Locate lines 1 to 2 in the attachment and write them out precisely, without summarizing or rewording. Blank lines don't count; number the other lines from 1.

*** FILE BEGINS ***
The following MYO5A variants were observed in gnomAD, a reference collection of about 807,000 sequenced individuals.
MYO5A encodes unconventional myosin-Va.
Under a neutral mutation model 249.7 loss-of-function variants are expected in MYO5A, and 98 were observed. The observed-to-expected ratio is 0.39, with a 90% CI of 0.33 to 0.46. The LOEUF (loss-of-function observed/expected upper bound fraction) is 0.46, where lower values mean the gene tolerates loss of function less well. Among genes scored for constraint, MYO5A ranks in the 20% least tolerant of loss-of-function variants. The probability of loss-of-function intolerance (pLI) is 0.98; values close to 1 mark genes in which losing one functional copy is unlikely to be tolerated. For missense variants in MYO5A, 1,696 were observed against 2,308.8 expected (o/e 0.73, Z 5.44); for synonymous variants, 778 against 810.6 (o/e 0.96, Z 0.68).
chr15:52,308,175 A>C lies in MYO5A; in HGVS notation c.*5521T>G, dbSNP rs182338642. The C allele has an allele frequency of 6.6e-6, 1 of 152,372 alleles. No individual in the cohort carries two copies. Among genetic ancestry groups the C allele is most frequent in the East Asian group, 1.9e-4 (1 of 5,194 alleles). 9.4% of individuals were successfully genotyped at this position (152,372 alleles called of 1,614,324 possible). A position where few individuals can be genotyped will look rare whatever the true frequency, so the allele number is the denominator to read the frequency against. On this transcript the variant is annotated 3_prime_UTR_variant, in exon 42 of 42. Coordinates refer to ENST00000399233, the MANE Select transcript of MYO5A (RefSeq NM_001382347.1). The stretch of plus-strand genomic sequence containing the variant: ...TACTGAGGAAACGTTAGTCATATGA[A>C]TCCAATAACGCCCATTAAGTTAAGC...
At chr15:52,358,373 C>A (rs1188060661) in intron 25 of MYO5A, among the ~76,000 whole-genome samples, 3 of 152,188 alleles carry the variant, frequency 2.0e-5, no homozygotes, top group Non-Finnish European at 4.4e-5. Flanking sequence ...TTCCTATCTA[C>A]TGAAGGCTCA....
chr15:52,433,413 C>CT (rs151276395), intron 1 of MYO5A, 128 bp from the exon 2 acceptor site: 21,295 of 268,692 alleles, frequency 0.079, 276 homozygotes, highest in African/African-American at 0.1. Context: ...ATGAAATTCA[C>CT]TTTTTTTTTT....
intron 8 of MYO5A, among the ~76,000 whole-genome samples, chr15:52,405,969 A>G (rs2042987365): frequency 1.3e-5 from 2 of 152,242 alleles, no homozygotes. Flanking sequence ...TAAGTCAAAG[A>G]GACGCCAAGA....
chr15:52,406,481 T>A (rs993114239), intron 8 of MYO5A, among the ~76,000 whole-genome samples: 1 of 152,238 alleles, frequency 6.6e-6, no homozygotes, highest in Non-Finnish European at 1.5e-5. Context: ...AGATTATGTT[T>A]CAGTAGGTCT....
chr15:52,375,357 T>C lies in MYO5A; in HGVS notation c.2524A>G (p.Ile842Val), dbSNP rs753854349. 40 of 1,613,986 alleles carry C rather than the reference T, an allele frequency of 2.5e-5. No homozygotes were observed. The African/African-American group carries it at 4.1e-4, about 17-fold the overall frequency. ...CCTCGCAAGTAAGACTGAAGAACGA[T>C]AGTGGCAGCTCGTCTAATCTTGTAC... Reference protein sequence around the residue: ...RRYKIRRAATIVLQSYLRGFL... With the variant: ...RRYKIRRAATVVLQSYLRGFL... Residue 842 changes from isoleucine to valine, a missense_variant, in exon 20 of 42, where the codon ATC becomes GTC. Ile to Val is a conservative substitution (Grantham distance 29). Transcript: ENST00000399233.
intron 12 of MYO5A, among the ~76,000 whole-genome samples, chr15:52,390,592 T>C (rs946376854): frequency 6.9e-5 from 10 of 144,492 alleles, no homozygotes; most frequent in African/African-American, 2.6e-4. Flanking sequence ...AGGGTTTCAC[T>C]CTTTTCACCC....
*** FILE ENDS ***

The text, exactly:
The following MYO5A variants were observed in gnomAD, a reference collection of about 807,000 sequenced individuals.
MYO5A encodes unconventional myosin-Va.